This project is directly inspired by the American website Literary Mothers, created by editor Nadxieli Nieto and managing editor Nina Puro. While we hope that Literary Mothers might eventually return to posting new pieces, our site was created as an extension and furthering of their project (in homage, if you will), and not meant as any kind of replacement.

Even though we’re new, a lot of terrific pieces have already appeared. Catch up with the essays we’ve published so far:

 

“Alice began to undress the past.”

Here, then, from 2011, Jeanette Winterson peeking in at the cows between Gertrude and Alice. How, precisely, did Gertrude bring Alice to her bovine pleasures? Did Gertrude, too, have cows, whether self-administered or Alice-administered? From what acts did cows materialize? How often did they find each other? Did sex wane over the years as Gertrude took lovers?

I traveled to Père Lachaise Cemetery in Paris and after I had run my palm over the red kisses on Oscar Wilde’s grave I strolled around the corner to Gertrude’s grave, which seemed immense. I thought about fat corpses needing fat coffins needing wide graves, and I thought about how small the eventual skeleton would be underneath. I thought that when Alice, years later, was interred and recognized on the back of Gertrude’s gravestone, she could easily have fit, by then, into Gertrude’s box, with Gertrude, there to produce bubbles of heavenly cows for the rest of eternity.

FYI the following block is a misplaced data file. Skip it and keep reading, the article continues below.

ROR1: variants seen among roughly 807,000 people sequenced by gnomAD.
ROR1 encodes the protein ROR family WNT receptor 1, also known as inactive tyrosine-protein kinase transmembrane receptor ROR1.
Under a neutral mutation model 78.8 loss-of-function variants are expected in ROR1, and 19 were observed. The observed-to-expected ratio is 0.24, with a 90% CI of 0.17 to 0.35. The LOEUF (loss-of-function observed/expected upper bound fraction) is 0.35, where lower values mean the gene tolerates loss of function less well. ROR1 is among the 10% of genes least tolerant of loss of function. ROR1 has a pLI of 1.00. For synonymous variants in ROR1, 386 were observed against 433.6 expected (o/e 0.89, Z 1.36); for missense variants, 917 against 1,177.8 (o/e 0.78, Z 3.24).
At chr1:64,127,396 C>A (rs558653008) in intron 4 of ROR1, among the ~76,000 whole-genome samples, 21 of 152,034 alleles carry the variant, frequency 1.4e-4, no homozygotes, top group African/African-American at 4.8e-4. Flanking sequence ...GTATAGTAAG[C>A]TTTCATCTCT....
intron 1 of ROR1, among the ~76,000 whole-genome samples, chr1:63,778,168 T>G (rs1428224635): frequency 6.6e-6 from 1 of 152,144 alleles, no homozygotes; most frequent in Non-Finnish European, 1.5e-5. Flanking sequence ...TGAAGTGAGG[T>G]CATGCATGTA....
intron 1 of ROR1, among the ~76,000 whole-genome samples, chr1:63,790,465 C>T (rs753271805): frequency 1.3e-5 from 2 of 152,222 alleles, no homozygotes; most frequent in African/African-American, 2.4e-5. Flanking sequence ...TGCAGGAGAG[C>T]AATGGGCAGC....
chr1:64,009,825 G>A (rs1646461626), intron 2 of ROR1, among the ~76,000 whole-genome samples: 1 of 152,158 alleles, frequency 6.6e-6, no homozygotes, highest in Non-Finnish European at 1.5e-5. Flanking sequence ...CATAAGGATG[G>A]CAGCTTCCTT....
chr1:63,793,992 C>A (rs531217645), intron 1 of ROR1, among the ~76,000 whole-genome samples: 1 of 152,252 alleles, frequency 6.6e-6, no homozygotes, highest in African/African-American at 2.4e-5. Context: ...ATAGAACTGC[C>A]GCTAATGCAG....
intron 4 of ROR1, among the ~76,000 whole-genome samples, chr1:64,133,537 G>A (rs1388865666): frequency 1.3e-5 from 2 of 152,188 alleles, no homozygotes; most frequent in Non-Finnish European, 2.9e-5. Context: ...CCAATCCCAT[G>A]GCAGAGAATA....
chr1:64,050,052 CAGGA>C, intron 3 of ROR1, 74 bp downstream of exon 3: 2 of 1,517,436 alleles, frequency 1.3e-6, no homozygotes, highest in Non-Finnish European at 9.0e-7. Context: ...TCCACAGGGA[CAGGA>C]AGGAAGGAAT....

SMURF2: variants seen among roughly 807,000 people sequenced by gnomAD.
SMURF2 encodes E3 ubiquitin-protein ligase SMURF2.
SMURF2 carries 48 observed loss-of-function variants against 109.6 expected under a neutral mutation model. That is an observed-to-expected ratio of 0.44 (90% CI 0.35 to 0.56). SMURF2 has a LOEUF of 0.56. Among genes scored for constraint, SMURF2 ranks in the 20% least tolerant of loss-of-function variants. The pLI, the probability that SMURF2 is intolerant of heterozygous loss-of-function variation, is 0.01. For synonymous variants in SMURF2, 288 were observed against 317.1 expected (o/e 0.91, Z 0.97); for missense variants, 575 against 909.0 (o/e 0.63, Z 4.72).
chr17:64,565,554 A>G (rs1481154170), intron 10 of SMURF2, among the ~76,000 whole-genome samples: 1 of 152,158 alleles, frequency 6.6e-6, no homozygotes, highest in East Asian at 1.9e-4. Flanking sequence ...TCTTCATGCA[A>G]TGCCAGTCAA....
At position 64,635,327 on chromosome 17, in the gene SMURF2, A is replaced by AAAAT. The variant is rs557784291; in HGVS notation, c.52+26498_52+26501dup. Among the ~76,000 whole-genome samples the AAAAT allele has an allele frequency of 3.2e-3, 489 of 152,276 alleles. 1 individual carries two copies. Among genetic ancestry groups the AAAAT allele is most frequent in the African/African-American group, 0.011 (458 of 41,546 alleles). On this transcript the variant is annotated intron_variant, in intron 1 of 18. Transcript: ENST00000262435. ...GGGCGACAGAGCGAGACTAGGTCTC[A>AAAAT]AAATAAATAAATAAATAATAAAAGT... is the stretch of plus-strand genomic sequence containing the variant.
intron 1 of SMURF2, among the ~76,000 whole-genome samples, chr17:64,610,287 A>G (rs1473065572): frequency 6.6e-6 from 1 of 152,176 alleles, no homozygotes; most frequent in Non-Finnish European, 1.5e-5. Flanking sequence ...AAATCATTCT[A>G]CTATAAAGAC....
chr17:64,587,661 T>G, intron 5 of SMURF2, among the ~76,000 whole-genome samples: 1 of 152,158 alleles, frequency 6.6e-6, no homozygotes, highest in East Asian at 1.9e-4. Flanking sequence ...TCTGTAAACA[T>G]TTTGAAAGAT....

Granta

Do blue butterflies eat parts of the sky?

NY Times

This stunning piece of filmmaking brought me to tears. I hope you’ll watch this and be as moved as I was. Answering these questions is one of our most sacred trusts.

“What is kind?”

“Can girls be robots?”

“How do you make water?”

“Why do boys cut their hair?”

 

“On Assault and Harassment in the Literary World”

After Bonne Nazdam’s recent article in Tin House (Experts in the Field) today’s compilation on LitHub talks about the murky, damaging world of sexual assault and harrassment in the US lit world, with writers like Anna March, Roxane Gay and Porochista Khakpour.